Ebrahim Raisi, a hardline conservative, will take over Iran’s presidency in August after winning the election.
Participation was very low, only 49 percent.
Israel is concerned about the change in power, but the European Union hopes for fresh negotiations over Iran’s nuclear programme.
Official Announcement Interior Minister Abdolreza Rahmani Fazli announced on Saturday. According to the final vote count, Raisi received nearly 62 percent of the vote. But according to the Minister of Interior, the turnout was 48.8 percent, which is the lowest in a presidential election in the republic.
The win for Ibrahim Raisi, aged 60, was expected. He is the head of the Iranian judiciary and enjoys the full support of the authorities. But evaluators stressed the importance of voter turnout.
“It is not important to hang a Christmas tree if compared to the results of the previous elections. But if these numbers are correct – we are not quite sure there are no additional ballot papers – it is still a good result given the number of people who said they wanted to boycott the elections,” he said says Rosbeh Parsi, an analyst at the State Department’s Policy Institute.
Even Middle East Analyst Pete Hammergren studies turnout:
“Many of those who voted in the previous Iranian elections because they believed their votes could make a difference – despite the weakness of the candidates by the Security Council – chose to boycott the elections this time because they considered it fraudulent in favor of my president,” she wrote to TT.
“Millions of voice translators did not want to help legitimize Raisi. Opposition sources say turnout was only 25 percent in the multi-million dollar city of Tehran.”
Only seven out of about 600 presidential candidates have been approved to run. Iran has, according to Agence France-Presse, 59 million eligible residents.
My boss congratulated outgoing President Hassan Rouhani:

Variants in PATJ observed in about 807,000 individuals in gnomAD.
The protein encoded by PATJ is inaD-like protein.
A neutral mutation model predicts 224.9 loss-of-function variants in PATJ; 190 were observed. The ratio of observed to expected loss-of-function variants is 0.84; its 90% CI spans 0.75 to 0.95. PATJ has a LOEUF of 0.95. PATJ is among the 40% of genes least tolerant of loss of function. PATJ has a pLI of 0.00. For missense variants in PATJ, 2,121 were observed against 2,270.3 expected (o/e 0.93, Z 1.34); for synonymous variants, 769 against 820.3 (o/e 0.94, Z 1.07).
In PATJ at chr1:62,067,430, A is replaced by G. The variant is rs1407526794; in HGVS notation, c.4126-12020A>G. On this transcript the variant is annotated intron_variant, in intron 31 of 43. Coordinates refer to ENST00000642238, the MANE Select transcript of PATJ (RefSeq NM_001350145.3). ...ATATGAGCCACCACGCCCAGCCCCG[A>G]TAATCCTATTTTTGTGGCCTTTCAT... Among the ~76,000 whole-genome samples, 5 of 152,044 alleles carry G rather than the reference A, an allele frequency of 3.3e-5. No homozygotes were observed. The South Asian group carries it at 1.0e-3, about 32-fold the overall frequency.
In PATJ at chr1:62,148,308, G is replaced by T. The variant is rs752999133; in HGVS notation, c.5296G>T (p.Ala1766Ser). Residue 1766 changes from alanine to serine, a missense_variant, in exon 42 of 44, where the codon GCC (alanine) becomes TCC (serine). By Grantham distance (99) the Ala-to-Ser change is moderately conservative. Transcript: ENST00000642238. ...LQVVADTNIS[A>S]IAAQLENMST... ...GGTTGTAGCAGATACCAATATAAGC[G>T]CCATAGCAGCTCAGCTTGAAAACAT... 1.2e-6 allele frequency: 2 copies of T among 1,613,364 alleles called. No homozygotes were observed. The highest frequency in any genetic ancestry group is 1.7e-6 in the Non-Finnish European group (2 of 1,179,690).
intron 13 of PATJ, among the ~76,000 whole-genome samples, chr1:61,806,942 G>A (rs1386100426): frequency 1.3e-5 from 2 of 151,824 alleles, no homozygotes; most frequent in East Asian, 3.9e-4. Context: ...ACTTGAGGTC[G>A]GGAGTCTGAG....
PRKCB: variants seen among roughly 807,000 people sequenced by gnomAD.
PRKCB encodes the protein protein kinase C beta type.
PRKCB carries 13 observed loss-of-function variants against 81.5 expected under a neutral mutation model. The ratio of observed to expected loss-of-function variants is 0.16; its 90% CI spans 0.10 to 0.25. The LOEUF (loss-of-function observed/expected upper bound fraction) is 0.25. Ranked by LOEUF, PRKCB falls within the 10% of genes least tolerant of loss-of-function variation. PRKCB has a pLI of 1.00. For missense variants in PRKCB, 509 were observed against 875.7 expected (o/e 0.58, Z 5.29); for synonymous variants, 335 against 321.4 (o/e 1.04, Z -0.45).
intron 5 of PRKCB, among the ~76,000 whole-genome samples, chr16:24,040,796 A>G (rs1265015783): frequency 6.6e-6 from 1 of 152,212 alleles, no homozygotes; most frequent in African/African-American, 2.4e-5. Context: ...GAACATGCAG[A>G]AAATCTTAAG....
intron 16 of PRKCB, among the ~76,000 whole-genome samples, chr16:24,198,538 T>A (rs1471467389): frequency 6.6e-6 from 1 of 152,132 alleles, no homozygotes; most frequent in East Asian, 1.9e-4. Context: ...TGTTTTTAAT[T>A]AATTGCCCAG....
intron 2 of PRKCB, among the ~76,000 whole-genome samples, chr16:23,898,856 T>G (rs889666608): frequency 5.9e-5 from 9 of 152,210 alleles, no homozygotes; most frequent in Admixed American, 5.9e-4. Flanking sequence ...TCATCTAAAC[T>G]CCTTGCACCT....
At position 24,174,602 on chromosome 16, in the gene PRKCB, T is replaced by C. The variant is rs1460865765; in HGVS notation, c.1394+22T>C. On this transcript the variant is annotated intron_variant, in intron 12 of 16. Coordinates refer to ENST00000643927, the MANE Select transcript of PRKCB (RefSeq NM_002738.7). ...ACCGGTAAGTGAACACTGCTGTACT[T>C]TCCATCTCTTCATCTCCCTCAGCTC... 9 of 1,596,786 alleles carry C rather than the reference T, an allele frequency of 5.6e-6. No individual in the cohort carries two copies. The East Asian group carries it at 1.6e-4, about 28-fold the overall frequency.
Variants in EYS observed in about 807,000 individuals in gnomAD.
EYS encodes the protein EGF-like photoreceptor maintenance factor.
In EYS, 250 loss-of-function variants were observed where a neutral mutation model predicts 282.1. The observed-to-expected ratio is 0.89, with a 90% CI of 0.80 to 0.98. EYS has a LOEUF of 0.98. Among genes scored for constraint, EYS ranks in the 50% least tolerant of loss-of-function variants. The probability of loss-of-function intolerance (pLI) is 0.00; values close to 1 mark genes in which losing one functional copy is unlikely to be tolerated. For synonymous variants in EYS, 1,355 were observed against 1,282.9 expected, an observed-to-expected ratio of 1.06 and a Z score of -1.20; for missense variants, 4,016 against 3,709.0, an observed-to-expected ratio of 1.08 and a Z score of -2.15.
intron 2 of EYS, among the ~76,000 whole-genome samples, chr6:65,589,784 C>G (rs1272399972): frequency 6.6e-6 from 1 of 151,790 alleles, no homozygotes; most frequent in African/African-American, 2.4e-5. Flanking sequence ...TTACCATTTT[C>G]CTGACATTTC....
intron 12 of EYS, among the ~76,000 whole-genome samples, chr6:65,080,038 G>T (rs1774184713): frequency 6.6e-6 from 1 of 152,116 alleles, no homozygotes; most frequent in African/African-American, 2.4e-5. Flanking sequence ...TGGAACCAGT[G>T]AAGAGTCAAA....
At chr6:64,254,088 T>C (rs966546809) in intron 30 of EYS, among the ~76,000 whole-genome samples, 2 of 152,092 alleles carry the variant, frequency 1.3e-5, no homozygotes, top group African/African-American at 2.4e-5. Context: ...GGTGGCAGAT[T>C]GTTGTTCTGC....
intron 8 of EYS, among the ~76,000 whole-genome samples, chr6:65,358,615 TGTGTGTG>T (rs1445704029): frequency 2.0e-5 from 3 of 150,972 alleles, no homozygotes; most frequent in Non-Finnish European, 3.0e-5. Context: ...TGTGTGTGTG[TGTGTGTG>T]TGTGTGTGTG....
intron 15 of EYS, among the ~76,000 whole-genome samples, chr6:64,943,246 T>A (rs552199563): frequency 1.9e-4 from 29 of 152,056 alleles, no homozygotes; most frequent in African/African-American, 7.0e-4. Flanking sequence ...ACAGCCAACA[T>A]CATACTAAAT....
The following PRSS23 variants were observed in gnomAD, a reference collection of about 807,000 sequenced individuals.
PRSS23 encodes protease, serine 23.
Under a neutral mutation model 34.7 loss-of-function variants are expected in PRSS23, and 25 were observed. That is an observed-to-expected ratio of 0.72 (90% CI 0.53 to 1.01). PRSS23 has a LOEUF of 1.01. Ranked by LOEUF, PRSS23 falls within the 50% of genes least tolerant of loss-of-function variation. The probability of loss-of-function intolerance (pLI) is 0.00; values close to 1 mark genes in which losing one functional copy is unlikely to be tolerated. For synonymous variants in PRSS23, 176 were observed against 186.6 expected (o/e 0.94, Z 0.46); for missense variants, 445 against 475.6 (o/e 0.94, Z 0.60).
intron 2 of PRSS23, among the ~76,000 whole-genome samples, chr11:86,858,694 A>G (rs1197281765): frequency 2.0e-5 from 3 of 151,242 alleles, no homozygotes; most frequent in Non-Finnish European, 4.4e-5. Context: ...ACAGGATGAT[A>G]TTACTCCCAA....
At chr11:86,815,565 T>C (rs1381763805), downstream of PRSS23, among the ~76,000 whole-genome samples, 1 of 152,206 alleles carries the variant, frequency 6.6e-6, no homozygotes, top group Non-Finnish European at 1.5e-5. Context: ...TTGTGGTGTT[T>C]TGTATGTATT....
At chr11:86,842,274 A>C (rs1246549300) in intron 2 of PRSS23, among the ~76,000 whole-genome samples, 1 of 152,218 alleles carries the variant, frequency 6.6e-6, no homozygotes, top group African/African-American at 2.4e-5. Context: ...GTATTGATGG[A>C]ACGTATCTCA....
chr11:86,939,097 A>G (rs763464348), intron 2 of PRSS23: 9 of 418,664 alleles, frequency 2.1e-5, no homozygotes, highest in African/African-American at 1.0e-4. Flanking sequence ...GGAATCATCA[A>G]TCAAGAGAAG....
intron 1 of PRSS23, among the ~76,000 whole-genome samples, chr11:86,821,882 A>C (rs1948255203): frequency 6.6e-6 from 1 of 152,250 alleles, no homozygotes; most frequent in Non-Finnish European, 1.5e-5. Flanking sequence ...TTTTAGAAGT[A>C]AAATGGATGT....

– I congratulate the people on their choice. My official congratulations will come later, but we know who got enough votes in this election and who chose the people today.
The country’s Supreme Leader, Ayatollah Ali Khamenei, hailed the elections as a victory over “hostile propaganda”. He congratulated Russian President Vladimir Putin, as well as Turkish President Recep Tayyip Erdogan.
Even before election day Talk a little about someone other than Ibrahim Raisi to achieve victory. His three contenders, including former Central Bank Governor Abdel Nasser Hemmati, the only non-conservative candidate left after several candidates withdrew, congratulated their opponent on the victory.
Raisi belongs to the country’s religious establishment and is considered close to the ayatollah. The judge is said to have strongly conservative views on many social issues, including the status of women.
“He is a representative of the old powerful class,” writes Pete Hammergren, who is associated with the Stockholm Foreign Policy Institute.
Ibrahim Raisi is under US sanctions for alleged human rights abuses – including his involvement in the systematic executions of thousands of political prisoners in the country in 1988, something Raisi has repeatedly denied. During this period, Raisi held the position of Deputy Prosecutor of the Order.
After the election victory calls Amnesty International to investigate allegations of human rights violations committed by the President.
“The fact that Ibrahim Raisi rose to the presidency rather than being investigated for human rights violations, killings, disappearances and torture is a harsh reminder that impunity prevails in Iran,” the organization said in a statement.
Israel warns that the world should worry about a major election victory, according to AFP.
An Israeli Foreign Ministry spokesperson wrote on Twitter that Raisi is a proponent of Iran’s “rapidly advancing military nuclear program”, and “his election as president demonstrates Iran’s true nefarious intentions.”
Introduces himself Ibrahim Raisi as a conscientious campaigner to fight corruption for the poor. He is taking over the presidency at a critical time for Iran, at least economically.
The failure of the JCPOA nuclear power agreement and severe US sanctions led to rampant inflation and high unemployment in the country, and rebuilding the economy was the focus ahead of the elections. Among other things, Raisi promised to build millions of apartments for low-income families, a promise that has attracted voters in an economically fragile Iran.
Raisi is also behind efforts to revive the 2015 nuclear deal – and reach a deal to end US sanctions – to save the country’s economy.
The European Union announced that a meeting between the two parties will be held in Vienna on Sunday.